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Six Vital Video Accessories

Sill photographers moving to shooting video and motion soon discover that while many of their accessories can be used in common, there are some which are specialized and needed for video work. Here are a half dozen which I have found to be good value for the money and the minimum to get the job done right.

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Sachtler FSB-6T - Tripod with Fluid Head

Still photographers moving to shooting video will be pissed to hear this, but you need to buy a new tripod. Not that your's isn't big enough or heavy enough, but because it doesn't have a fluid head. Fluid heads need to be in a ball and cup mechanism that is part of the tripod's basic structure.

What's a fluid head? Simply one which has variable tension settings on all axis, which when the camera is panned or tilted moves in an ultra-smooth manner. Trying to pan a normal photographic head is simply going to produce jerky amateur-looking footage.

The Sachtler FSB-6T is usable with just about any still or video camera. It has a built-in self-illuminated bubble level and comes with a decent fitted carrying case, all for less than $1,500. There are much more expensive fluid head tripods available, but the Sachtler does the job at a not-unreasonable price.

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Merlin Steadicam

If you have ever watched a movie or TV show (and who hasn't) then you've almost certainly seen the Steadicam in action. Shots where the camera is moving; where it is going down a corridor, up a flight of stairs, in and out of people within a crowd – anywhere where the camera is in motion in close confines, it has likely been shot with a Steadicam.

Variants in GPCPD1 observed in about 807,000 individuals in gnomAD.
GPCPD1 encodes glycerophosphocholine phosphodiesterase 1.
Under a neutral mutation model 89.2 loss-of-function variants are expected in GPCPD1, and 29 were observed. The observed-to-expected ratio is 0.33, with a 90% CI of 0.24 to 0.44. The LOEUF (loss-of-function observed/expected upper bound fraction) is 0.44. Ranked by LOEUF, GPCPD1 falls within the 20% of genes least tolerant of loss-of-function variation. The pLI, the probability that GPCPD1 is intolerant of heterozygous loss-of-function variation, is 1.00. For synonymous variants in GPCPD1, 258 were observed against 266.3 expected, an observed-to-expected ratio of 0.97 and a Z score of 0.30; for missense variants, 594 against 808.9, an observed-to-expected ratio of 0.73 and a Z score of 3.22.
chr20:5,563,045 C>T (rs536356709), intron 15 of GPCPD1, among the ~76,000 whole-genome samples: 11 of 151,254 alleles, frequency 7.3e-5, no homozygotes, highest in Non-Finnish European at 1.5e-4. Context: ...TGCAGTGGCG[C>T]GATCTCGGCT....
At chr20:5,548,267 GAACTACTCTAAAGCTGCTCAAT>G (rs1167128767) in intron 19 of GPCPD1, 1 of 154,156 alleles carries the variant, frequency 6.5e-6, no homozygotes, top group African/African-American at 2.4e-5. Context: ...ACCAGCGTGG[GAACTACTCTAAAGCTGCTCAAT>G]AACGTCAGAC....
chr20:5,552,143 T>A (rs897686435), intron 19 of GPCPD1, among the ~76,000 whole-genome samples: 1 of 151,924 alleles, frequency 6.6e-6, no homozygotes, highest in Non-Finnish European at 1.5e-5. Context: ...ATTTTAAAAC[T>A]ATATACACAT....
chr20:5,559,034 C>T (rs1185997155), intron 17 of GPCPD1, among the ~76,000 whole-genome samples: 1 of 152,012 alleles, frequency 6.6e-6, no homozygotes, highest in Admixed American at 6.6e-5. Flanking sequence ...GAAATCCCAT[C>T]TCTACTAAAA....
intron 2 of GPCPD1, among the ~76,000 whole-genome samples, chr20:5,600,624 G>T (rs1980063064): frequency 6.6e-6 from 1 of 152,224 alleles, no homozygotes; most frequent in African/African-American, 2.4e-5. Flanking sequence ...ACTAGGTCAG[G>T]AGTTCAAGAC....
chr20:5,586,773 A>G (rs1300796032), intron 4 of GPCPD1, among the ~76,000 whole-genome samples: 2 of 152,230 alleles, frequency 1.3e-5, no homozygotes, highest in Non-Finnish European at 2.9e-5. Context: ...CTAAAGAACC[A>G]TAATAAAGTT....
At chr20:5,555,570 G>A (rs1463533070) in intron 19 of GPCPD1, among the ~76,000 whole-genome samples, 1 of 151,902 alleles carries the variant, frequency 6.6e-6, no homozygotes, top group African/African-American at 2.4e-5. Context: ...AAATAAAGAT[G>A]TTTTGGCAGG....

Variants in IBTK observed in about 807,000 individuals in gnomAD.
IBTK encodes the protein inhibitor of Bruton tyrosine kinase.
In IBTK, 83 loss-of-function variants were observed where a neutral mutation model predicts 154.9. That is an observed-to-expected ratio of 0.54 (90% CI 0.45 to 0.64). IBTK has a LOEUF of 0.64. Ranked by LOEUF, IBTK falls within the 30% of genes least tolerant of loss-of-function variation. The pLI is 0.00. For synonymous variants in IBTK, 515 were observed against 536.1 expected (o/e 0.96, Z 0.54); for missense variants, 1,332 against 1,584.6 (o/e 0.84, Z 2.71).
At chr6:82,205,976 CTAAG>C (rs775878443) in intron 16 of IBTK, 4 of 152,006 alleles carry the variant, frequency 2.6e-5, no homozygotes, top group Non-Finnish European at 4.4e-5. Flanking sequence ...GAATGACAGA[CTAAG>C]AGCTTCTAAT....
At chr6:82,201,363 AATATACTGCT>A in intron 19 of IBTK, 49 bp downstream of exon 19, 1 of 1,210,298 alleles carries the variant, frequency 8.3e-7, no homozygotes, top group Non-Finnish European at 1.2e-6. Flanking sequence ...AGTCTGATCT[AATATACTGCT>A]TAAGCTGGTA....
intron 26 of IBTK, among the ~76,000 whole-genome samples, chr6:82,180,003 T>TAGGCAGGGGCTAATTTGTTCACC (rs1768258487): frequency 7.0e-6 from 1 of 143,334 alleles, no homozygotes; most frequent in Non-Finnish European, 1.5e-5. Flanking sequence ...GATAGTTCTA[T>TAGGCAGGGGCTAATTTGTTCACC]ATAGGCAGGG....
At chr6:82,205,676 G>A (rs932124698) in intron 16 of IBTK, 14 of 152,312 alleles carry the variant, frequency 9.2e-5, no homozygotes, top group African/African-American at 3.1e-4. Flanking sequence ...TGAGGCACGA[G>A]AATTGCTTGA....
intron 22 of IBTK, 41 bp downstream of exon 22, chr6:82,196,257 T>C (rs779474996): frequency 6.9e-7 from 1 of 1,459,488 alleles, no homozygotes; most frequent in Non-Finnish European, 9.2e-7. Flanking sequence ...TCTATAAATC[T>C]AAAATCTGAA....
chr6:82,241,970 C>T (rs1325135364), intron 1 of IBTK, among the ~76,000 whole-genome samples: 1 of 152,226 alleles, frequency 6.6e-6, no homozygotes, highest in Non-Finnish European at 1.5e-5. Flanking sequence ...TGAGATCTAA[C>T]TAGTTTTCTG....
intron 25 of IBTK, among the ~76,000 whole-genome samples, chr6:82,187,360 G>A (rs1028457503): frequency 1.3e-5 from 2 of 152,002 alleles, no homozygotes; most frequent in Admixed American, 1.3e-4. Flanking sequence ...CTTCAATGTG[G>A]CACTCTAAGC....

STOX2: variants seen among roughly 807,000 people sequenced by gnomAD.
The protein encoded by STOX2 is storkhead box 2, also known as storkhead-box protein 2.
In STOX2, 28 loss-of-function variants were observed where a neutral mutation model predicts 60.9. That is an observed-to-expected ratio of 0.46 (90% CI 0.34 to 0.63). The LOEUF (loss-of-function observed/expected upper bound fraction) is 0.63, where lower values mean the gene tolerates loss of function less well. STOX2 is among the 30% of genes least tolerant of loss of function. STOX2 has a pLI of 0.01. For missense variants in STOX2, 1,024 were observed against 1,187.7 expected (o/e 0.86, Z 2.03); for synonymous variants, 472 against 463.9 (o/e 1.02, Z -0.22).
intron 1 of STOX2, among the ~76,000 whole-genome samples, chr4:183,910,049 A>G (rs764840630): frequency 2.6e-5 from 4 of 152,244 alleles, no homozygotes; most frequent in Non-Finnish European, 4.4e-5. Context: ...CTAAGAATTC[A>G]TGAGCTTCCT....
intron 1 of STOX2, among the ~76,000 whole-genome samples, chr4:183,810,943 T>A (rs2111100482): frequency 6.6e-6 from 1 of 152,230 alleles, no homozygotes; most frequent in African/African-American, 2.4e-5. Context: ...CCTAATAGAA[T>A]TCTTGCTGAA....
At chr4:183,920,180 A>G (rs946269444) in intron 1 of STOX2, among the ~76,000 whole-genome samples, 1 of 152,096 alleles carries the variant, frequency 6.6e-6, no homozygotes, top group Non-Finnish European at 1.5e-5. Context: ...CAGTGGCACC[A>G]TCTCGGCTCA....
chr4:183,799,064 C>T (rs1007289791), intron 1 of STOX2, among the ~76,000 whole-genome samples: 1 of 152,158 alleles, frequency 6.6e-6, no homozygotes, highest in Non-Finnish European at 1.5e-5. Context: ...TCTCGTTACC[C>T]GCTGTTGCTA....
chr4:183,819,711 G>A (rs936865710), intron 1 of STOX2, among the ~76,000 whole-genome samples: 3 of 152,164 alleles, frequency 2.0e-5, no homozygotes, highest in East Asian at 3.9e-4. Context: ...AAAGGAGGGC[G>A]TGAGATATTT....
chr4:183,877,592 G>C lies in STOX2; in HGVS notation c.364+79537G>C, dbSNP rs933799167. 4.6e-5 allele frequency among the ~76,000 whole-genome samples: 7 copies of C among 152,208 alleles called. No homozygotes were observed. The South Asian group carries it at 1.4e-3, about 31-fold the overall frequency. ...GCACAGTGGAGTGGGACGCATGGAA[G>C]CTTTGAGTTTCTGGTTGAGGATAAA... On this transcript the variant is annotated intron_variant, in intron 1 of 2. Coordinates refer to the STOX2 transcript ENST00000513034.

The Merlin is a version designed for use with cameras weighing up to 5lbs. It costs about $800. Larger and heavier cameras need larger and more robust Steadicams, some of which can cost upwards of $60,000. But, from the Merlin to the larger pro models they all work on the same principal. This video shows what it's all about and you can find out more here.

The Merlin (indeed all Steadicams) are a bit of a bear to set up properly, and can then take some time to learn to control. Using a Steadicam is an art, and in the pro cinematographer world there are cameramen who specialize in it. But there's no reason why you can't learn to set up and use the Merlin in just a few hours, and then to be able to produce motion footage that simply can't be produced any other way.

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Matte Box / Filters


Letus

Muse

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LaCie 1 Terrabyte Little Big Disk Quadra



For videographers who travel having enough portable storage is always a problem. Hard drives have now dropped to around $100 / Terrabyte, but that's in bare drive configuration, not with a case, power supply and multiple interfaces.

The Lacie 1TLBDQ is quite a bit more expensive than this, at about $550, but to my mind is worth the premium. Among its benefits are that it is self powered (when using Firewire 400 or 800), and therefore one doesn't need an external power block and power cord. It also has four interfaces; USB II, Firewire 400, Firewire 800, and eStata 3GB.

For those working with video, though it's a 5400 RPM drive, not 7200, it is configured as a Raid 0, so it is quite a bit faster than a straight drive configuration.

There is no need for a fan, and therefore no fan noise. The styling is elegant and the unit small enough to fit comfortably in a briefcase. All in all a somewhat expensive, but excellent solution to having enough storage when on the road.

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Concepts: Camera, Photography, Cameras, Cinematography, Video camera

Entities: Michael Reichmann

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